The plan was a good one: head down to Philadelphia for Saturday’s night game, for which friends had sweet tickets through a work event. I was excited to see Noah Syndergaard , our pals, the Mets, and to get another look at Citizens Bank Park, which back in the last years of Shea opened my eyes to how much better a modern park might make things.
Not so fast, said Mother Nature.
The radar was a sea of red to the west. We knew we didn’t need to hurry to be there for first pitch. Then came the rains — vengeful, Biblical rains. It didn’t take a baseball lifer to guess there would be no first pitch.
Ah well, so it goes.
But then it looked like Sunday’s game would vanish too.
This time, the weather-related havoc turned out not to be an entirely bad thing. The Mets and Phils were delayed long enough for Emily and I to take our seats in the front of the Megabus back to New York — we arrived (in radio terms) as the Mets had the bases loaded and one out against Aaron Nola  in the top of the first. Alas, nothing came of it, and as the bus pulled out Jacob deGrom  took the hill for the bottom of the first.
He was still there as our lumbering bus navigated central Philly traffic and construction.
He was still there as another round of passengers got their bags settled and arranged themselves on board.
He was still there as the bus headed across the Delaware River.
He was still there when we crossed into New Jersey.
It felt like he might still be there when the sun ran out of fuel, swelled and engulfed the Earth. That would probably interfere with the game even more thoroughly than a thunderstorm.
DeGrom was there for 45 pitches in all, a frustrating, quietly mesmerizing Verdun of a struggle. Like the Mets, the Phillies loaded the bases. Like the Mets, nothing came of it. DeGrom, incredibly, escaped without scoring a run. Except he didn’t really escape — that inning ‘s overwork ensured his departure.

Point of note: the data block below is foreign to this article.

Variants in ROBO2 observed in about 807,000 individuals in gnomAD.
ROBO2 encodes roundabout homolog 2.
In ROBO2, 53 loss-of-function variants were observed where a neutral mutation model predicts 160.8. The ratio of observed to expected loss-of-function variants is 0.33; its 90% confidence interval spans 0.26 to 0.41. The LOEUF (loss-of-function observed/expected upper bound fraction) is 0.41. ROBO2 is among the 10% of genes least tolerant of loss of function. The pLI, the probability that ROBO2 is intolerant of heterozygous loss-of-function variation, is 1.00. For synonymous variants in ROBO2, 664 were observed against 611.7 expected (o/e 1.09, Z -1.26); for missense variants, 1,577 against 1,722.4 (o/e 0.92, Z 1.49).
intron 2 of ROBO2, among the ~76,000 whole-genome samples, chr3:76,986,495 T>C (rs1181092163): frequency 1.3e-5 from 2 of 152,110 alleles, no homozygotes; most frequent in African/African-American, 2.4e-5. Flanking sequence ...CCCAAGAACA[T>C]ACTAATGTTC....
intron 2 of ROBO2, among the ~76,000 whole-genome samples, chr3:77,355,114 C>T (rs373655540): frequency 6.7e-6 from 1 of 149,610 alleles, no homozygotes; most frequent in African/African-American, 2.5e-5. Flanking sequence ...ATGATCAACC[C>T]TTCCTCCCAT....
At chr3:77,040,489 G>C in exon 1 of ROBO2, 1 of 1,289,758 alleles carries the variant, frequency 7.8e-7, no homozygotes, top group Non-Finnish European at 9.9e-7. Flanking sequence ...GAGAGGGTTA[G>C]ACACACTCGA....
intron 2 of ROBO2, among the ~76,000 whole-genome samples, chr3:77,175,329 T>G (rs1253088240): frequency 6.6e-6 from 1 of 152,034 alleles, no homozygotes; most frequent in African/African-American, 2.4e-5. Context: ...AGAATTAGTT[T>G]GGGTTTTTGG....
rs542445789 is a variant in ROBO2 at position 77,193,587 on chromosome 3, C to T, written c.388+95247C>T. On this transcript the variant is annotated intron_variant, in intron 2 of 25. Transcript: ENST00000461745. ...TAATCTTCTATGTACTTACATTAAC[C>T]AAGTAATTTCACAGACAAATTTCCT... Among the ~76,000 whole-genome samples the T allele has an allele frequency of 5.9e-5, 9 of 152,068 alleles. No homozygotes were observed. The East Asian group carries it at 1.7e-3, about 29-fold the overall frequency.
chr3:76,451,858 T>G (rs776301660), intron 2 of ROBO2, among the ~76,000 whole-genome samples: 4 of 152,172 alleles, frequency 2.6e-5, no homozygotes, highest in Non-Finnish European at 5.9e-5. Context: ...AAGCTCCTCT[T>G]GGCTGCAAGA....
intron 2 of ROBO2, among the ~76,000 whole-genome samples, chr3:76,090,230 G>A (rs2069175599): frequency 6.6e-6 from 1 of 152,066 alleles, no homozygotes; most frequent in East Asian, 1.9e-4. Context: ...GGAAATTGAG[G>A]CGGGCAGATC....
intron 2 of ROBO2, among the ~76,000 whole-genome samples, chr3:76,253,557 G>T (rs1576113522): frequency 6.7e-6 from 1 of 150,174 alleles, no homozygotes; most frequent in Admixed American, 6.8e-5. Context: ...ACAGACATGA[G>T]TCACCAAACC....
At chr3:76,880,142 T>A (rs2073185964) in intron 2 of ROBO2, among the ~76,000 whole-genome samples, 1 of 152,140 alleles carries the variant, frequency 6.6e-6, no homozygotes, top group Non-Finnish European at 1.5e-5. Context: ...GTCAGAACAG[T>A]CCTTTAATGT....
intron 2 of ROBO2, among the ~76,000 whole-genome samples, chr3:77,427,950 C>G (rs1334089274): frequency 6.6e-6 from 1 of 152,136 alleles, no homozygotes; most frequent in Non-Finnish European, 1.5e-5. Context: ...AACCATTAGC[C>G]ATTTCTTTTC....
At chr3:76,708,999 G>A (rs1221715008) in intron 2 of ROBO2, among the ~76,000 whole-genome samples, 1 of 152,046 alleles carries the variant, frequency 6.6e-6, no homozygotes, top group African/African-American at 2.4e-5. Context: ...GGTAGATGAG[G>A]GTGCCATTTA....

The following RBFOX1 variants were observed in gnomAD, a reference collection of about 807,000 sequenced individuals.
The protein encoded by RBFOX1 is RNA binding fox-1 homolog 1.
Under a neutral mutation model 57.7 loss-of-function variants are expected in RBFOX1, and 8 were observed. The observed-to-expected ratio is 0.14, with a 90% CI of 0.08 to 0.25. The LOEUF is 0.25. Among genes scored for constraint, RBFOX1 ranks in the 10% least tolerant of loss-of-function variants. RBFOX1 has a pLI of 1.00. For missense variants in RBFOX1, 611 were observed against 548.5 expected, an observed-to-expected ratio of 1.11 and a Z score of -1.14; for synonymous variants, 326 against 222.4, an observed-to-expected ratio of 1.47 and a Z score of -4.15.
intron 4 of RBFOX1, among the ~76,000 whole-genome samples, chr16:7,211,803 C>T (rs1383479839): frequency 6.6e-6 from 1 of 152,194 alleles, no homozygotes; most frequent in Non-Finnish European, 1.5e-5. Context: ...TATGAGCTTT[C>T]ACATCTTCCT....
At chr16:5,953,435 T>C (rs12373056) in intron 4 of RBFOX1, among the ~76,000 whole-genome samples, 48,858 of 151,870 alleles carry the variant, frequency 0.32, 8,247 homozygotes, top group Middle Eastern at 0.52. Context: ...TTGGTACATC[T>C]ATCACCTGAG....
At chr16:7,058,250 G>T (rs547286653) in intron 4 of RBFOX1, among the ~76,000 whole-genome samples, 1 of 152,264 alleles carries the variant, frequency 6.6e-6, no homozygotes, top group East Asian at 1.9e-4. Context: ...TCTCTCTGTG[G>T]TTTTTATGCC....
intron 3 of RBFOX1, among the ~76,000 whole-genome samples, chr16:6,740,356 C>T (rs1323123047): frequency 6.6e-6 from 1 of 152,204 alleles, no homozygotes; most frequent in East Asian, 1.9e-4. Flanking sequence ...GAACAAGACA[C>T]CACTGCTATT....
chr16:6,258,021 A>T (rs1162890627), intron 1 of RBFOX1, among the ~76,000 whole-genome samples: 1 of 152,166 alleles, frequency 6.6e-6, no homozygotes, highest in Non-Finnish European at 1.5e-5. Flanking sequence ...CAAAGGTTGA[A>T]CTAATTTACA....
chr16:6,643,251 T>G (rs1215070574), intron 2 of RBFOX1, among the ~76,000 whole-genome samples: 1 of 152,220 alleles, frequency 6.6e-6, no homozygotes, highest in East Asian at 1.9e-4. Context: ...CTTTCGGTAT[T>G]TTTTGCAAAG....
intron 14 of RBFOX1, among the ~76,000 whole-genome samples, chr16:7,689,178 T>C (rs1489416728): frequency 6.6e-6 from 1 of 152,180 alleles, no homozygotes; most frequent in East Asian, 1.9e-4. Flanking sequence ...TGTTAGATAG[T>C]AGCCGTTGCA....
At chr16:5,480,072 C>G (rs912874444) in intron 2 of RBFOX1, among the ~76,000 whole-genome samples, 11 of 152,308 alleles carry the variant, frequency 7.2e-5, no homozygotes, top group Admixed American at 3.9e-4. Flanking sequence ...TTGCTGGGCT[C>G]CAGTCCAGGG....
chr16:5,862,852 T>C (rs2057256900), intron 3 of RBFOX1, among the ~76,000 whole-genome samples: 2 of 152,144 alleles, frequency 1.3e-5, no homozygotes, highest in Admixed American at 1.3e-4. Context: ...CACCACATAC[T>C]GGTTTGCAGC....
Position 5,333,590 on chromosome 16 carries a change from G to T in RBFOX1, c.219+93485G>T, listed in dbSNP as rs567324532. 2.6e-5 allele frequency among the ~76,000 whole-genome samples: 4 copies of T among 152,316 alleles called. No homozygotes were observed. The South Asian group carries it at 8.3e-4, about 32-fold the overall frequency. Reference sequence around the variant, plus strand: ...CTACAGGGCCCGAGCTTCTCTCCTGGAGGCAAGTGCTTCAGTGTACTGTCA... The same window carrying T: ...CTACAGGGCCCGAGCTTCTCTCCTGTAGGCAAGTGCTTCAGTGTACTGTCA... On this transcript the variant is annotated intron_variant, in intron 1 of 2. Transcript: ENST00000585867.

The game then settled into a slow grind as our bus rolled up the turnpike, with Emily and I on an earbud each. It’s been a while since I was radio-only, and once again I found myself thankful for the presence of Josh Lewin. Lewin is still “the new guy,” but at this point that’s by default — somehow this is his seventh season calling games alongside Howie Rose. As has been the case since Lewin arrived in 2012, I appreciate his quirky sense of humor, his quick wit, and most of all how much he’s loosened up Rose. Howie is a treasure, but years of undistinguished radio partners had left him sounding cranky and bored by 2012. The new guy (sorry, it’s inescapable) has helped him shake off the rust, making his crankiness once again endearing. And there are few radio duos better at rising to a game’s occasion: that endless first inning brought out the best in them, as they kept track of pitches thrown, balls fouled off, remarked on the strange lack of action, eyeballed deGrom with his recent injury in mind, and searched for historical precedents.
It was a treat to listen to, though after that they didn’t have as much to work with. The game became a snoozy back and forth. Yoenis Cespedes  (who arguably shouldn’t have been out there in the first place, given we all know how pushing him through a leg injury ends) connected for a home run in the sixth; Paul Sewald  left a slider over the fat part of the plate in the bottom half of the inning for an enemy homer. 3-1 Phils.